What is CGD?

The basics?

CGD stands for Chronic Granulomatous Disorder, and is a condition where the immune system cells do not function properly.  It is life threatening and life limiting.

To be specific, CGD patients have a faulty gene which affects key immune systems cells called phagocytes.  Normally these cells protect your body by attacking harmful bacteria and fungi with oxide chemicals to kill them.  In CGD, the phagocytes can’t produce the oxides.  Small infections can easily become deadly

How do you get CGD, and how many people have it?

CGD is normally a faulty gene inherited from parents on the X chromosome.  In some cases, the gene mutate randomly as the baby is being formed.  This is more rare, and unfortunately, this is how Ally got the condition.

CGD affects about 5 people out of every 1 million, so the chances of getting it are 0.0005%.  Its kind of like winning the reverse lottery.  When Ally was diagnosed, the local hospital had seen 2 cases in the last 10 years.

Treatment options?

There are three main treatment options.  The first is medical management.  CGD patients can get continuous antibiotics and other medications for the rest of their lives.  However, with this method the average CGD patient still only survives to their 40s.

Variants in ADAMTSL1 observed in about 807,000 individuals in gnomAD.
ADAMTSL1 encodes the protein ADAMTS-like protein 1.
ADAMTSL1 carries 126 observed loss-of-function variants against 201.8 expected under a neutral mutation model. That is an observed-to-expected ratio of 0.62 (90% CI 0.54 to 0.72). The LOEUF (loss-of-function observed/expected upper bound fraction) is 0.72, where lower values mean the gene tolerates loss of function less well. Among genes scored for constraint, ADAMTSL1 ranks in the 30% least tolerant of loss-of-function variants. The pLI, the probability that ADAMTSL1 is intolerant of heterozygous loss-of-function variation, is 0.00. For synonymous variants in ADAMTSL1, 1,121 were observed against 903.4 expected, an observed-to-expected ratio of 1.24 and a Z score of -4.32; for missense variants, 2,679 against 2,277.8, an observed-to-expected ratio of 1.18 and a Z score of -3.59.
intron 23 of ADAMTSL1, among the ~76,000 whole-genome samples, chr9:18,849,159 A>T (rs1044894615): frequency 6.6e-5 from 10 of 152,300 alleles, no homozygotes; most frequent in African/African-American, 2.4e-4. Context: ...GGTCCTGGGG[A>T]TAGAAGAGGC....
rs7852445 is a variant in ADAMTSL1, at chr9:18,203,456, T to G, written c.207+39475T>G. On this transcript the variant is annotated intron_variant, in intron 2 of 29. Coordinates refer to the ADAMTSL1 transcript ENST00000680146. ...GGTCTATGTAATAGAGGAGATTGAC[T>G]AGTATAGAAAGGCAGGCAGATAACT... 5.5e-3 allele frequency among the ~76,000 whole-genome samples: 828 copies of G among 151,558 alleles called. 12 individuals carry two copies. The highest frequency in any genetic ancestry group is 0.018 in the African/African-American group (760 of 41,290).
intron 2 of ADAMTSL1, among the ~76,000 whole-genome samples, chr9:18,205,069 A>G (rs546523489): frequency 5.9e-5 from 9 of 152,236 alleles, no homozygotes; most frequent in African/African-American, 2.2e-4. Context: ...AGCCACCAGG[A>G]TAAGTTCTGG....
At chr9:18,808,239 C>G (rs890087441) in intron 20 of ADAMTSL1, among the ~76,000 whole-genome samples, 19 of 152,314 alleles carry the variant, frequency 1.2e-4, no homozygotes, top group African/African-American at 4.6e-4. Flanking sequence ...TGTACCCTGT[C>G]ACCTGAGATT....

The newest treatment is gene therapy.  In gene therapy, stem cells are taken from the CGD patient, then modified in a laboratory.  The cells are put back into the patient, and hopefully they start multiplying and creating healthy working phagocytes.  This treatment method has the potential to permanently cure a patient, but is still in the very early stages of development and has not shown any consistent long-term success yet.

Bone marrow transplant (BMT) is the most common treatment method, and this is what we are asking your help for!  In BMT for CGD, bone marrow cells are taken from a healthy donor and transplanted into the patient.  Hopefully the healthy donor cells integrate and start creating working phagocyte cells.  In order to work, the donor cells must match very closely to the patient cells, otherwise the patients body may reject the new cells.  There are 10 key markers to match, and finding a donor can mean that as many as 100,000 people may need to be screened.  BMT patients must also undergo risky chemotherapy in order to prepare the body for the incoming new cells.  However, if all goes well the patient can be fully cured!  This therapy has been used in 1000’s of patients of various conditions and has a high success rate (90%).

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